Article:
The Brain Electric

Submitted by jan on

In this lecture we will look at how neurons generate electrical signals. To understand these phenomena, it is useful to be familiar with some basic concepts of electronics, in particular, voltage, current, resistance and capacitance. If you haven't studied much physics and aren't up to speed on these concepts, you are strongly advised to review these topics on the page before the lecture.


Key Concepts to Remember from this Lesson:

  • You should be familiar with a few widely used anatomical terms, including: forebrain midbrain, brainstem, cerebellum, white matter, gray matter, neuron, dendrite, axon.

  • Remember that neurons are essentially tiny bubbles of fatty (phospholipid) membranes which are filled with organic potassium (K+) ions and are bathed in an extracellular fluid rich in sodium cholride (Na+ Cl-).
  • Remember also that neurons contain very few free calcium ions (Ca++), but there are more Ca++ ions in the extracellular space.
  • Neurons control the flow of ions through their membrane with channels made of protein. These channels can be selective, allowing only certain types of ions through, and perhaps only at certain times.
  • Neurons at rest have many K+ "leakage" channels open, so a little K+ will leak out, leaving organic anions (A-) behind. This causes the membrane of the resting neuron to be electrically polarized to about -70 mV. (By convention the polarity of cells is given as inside relative to outside, and once positive K+ has leaked from the cell, there is more negative charge inside than out, hence the minus 70 mV).
  • Neurons become "excited" when other channels open to allow, for example, Na+ to enter the cell, which will make the cell membrane less negatively polarized. (Depolarization = excitation). This allows neurons to encode parameters in the outside world through their membrane potential. For example, a stretch receptor neurons in your skin may get more depolarized if it is more stretched.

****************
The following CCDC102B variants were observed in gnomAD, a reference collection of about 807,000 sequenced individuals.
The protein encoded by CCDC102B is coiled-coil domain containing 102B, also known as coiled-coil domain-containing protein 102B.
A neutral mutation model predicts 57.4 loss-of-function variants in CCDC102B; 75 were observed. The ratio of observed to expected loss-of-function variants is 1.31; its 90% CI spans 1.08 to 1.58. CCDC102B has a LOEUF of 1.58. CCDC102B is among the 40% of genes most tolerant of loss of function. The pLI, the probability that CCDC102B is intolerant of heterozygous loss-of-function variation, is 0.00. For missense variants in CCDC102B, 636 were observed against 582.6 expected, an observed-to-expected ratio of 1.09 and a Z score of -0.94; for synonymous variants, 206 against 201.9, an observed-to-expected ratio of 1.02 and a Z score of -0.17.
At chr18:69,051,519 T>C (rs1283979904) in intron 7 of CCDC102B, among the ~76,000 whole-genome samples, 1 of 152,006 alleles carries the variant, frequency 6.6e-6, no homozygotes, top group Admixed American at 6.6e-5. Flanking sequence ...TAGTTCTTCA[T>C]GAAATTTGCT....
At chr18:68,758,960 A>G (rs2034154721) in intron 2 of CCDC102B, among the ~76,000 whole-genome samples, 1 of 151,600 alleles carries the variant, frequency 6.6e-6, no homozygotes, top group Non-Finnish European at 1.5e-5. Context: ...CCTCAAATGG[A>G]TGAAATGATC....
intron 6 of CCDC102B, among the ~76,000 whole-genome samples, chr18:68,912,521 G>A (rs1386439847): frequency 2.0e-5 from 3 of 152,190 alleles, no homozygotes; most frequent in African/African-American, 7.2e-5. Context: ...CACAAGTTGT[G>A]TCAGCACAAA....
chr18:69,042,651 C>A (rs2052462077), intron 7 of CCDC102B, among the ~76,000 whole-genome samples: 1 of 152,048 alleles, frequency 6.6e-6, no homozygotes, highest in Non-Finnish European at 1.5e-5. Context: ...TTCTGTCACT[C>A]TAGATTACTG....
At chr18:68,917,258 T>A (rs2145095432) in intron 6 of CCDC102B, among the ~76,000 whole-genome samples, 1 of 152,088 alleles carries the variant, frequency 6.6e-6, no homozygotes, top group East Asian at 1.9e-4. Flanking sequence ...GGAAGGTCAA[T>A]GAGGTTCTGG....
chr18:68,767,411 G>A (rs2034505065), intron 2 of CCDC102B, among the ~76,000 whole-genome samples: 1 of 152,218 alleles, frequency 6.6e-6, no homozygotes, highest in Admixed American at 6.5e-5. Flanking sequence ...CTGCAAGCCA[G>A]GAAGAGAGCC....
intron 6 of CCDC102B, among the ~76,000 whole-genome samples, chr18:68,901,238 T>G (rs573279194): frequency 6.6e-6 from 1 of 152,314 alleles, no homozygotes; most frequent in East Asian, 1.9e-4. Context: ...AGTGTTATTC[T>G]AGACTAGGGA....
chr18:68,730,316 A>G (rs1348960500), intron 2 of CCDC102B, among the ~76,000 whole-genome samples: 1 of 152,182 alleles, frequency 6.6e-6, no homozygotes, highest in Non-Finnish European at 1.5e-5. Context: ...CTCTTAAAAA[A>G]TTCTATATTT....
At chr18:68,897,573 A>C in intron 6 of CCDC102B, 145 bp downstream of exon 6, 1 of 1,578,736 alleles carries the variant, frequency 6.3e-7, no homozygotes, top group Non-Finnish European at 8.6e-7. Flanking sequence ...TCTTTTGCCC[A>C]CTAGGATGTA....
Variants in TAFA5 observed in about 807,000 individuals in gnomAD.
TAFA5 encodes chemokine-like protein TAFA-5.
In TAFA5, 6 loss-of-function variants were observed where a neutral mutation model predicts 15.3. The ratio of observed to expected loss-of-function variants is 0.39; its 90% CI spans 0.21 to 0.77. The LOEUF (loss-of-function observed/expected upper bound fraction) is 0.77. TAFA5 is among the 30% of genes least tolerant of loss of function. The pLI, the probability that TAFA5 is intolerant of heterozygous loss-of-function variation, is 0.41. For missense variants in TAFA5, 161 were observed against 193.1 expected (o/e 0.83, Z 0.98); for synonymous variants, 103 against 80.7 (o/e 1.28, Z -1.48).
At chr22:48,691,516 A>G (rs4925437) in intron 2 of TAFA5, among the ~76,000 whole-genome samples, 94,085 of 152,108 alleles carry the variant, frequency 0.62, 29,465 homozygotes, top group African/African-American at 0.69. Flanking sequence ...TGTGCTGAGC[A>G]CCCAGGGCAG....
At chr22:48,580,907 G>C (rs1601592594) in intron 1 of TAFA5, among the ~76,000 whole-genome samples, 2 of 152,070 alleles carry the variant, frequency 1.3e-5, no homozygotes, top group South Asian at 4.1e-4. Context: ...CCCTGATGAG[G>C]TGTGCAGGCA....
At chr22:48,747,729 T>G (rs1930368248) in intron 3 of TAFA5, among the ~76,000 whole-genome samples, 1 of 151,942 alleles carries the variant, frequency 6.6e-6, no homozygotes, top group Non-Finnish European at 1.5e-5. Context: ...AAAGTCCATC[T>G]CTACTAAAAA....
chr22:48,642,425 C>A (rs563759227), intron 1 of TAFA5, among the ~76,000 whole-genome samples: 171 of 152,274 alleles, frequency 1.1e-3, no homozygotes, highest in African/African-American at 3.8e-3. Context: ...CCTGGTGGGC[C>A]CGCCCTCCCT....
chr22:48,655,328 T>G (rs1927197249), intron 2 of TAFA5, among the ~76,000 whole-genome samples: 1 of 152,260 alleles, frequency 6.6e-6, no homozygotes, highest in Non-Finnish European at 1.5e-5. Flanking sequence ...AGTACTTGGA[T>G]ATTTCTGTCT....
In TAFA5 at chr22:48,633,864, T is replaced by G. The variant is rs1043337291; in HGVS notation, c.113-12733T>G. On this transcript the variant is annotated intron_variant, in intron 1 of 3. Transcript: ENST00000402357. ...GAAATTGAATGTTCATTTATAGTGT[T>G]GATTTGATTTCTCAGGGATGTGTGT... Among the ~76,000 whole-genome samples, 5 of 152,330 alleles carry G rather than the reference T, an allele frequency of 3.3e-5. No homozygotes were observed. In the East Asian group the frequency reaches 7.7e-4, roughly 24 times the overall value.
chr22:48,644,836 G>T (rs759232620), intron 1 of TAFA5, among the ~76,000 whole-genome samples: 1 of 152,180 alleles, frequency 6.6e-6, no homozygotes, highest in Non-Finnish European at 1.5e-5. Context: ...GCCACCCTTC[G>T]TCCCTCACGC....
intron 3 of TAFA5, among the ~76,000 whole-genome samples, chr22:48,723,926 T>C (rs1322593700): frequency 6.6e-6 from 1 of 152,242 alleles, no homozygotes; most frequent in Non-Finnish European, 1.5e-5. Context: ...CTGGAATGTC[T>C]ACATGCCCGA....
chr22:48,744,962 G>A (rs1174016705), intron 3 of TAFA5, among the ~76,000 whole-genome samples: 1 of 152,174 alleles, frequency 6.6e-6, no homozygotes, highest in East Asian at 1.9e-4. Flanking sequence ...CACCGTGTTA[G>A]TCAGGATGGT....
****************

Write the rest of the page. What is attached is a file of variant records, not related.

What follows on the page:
• Neurons are poor cables. To send signals over great distances (along their axons) they must refresh electrical currents which are lost due to leakage. They do this with voltage gated sodium channels. But opening of these channels leads to a runaway feed forward process (a nerve impulse, also known as an "action potential" or "spike"). 

Comprehension Questions

After studying the lecture, test your understanding by trying to answer these questions that were submitted by students. You can reveal my "model" answers by clicking the link below, but have a go answering the questions yourself first. And remember: your answer might be better than mine.

What makes ions dissolved in water move? How does that produce electrical current?

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How can changing the membrane voltage of neurons encode information?

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Why can no action potentials be generated during the absolute refractory period?

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How do voltage gated Na+ channels prevent current leakage?

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Why are cell membranes impermeable to water and substances dissolved in water?

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If the equilibrium potential is driven by diffusion, which is a random process, doesn’t that mean that the membrane potential changes all the time?

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"The resting potential is positive outside and negative inside because the Na/K pump pumps more Na+ out than it pumps K+ in." True or False?

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Lecture Videos

Click on the buttons to see videos of the Semester A 2018 lecture.

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